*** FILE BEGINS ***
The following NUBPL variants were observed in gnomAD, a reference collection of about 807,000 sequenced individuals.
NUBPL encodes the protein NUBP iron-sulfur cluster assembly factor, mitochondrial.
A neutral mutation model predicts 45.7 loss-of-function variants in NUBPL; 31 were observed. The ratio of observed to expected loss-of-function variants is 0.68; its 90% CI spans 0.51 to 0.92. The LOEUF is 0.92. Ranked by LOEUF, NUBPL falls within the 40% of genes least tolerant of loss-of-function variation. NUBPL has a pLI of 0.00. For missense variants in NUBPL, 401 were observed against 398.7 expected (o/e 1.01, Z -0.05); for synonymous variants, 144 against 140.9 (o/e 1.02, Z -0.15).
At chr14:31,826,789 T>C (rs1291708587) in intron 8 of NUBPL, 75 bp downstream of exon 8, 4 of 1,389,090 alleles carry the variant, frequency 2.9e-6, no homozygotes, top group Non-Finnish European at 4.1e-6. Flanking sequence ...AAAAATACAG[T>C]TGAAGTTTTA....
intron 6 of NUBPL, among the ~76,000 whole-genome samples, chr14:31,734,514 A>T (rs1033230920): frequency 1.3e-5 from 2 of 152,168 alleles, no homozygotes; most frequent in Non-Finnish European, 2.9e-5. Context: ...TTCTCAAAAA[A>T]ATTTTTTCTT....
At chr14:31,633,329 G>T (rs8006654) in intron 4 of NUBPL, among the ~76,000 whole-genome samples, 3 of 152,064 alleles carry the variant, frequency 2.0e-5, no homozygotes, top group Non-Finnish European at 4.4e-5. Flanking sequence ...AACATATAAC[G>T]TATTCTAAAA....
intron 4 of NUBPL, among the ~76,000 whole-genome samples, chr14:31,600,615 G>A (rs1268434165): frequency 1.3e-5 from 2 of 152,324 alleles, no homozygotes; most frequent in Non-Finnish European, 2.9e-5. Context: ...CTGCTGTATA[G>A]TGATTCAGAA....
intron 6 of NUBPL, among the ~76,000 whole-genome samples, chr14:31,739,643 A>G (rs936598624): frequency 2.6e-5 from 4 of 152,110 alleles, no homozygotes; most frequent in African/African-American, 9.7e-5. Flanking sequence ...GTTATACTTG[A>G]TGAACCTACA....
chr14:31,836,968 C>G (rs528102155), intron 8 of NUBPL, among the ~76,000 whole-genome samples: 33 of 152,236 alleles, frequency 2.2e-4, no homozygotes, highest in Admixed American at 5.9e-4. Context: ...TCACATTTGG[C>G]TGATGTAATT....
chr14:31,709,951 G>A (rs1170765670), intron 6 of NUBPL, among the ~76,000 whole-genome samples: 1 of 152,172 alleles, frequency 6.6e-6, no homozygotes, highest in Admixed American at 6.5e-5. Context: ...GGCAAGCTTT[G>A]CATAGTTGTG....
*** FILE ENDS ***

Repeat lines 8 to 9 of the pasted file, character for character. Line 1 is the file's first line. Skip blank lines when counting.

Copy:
intron 6 of NUBPL, among the ~76,000 whole-genome samples, chr14:31,739,643 A>G (rs936598624): frequency 2.6e-5 from 4 of 152,110 alleles, no homozygotes; most frequent in African/African-American, 9.7e-5. Flanking sequence ...GTTATACTTG[A>G]TGAACCTACA....
chr14:31,836,968 C>G (rs528102155), intron 8 of NUBPL, among the ~76,000 whole-genome samples: 33 of 152,236 alleles, frequency 2.2e-4, no homozygotes, highest in Admixed American at 5.9e-4. Context: ...TCACATTTGG[C>G]TGATGTAATT....